Dabblet Chrome App

Dabblet Chrome App

I think all of you know Lea Verou’s dabblet.

dabblet is an interactive playground for quickly testing snippets of CSS and HTML code. It uses -prefix-free, so that you won’t have to add any prefixes in your CSS code. You can save your work in Github gists, embed it in other websites and share it with others.
About dabblet

Some time ago I made this tiny Google Chrome App for jsFiddle which is in case just a bookmarklet with a bigger icon.

I did this for dabblet, too but extended the app to something more: It displays all your dabblets with title and creation-date. You can then visit your dabblet directly.

You can find the app in the Google Chrome App store now.

Download

This project is on GitHub, so please feel free to contribute and report bugs and feature requests.

Changelog

These are the major changes. All commits can be found on GitHub.

v1.0.0 – Aug. 19, 2012

  • Add button for viewing gist
  • Remove hogan.js in favor of an own replacer
  • Show “view dabblet” link in GitHub newsfeed

v0.7 – Feb. 13, 2012

  • Add search – #2
  • Rewrite code-basis based on JS AMD with RequireJS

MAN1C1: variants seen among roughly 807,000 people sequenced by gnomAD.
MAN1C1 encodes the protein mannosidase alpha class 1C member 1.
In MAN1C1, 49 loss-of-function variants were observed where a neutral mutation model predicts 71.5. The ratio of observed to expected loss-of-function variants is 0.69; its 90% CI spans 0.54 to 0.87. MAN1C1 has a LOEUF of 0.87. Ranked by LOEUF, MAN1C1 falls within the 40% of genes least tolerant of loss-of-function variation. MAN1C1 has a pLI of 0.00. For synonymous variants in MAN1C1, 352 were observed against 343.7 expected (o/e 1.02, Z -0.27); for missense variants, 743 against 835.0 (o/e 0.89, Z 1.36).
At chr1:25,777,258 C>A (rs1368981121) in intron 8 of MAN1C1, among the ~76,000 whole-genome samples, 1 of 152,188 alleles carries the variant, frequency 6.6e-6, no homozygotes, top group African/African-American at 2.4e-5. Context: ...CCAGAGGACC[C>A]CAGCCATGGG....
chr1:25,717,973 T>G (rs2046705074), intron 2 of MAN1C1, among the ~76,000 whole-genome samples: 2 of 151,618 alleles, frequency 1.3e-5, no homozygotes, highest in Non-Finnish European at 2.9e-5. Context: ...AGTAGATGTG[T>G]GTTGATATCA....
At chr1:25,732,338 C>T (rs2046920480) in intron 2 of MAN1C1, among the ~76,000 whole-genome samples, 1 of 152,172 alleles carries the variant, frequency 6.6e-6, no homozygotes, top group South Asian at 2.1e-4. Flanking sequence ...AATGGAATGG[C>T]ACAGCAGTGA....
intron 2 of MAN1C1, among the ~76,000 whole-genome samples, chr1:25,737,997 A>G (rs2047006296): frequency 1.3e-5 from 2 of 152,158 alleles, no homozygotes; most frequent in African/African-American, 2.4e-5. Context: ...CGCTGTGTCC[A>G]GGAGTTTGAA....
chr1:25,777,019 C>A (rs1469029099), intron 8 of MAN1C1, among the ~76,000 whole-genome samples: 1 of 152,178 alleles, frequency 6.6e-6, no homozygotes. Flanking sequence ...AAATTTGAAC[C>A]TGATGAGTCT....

• Display message if user has no gists to display – #3

v0.45 – Feb. 02, 2012

Mobile Design is not only Responsive

When I read this article by Henrik Eneroth about redesigning Safari’s interface I thought we as webdesigners somehow do this with websites and web-apps. While Apple misses to add different behavior for different browser-sizes it’s a kind of standard to build a website with a special mobile version that looks not like the website on a desktop computer but fulfills the need of someone who visits the mobile version of the website.

The difference between a responsive mobile optimized website on the left and a stand-alone mobile version

In Vitaly Friedman’s (Smasing Magazine) presentation “Webdesigntrends 2011” I recognized this nice photo.

Vitaly states that someone who visits your page with a mobile device may need other information as someone who visits your page with a “normal sized” computer. That’s why I somethimes – even when I’m designing “responsive” – leave out some elements that are not really nescessary on a mobile screen, e.g. a slider with some nice-looking images.

This approche should be brought to apps, too.
There are some examples where this works already. For instance there is Reeder for Mac, for iPad and iPhone. The desktop-app uses a similar design-pattern as Lion’s Mail for Mac: three Columns. There are more details in every next column you open.

Whatever… You should definitely visit Mr. Eneroth’s post on re-designing the browser-window as it is kinda important and thoughtful for everyone who has some connection to design.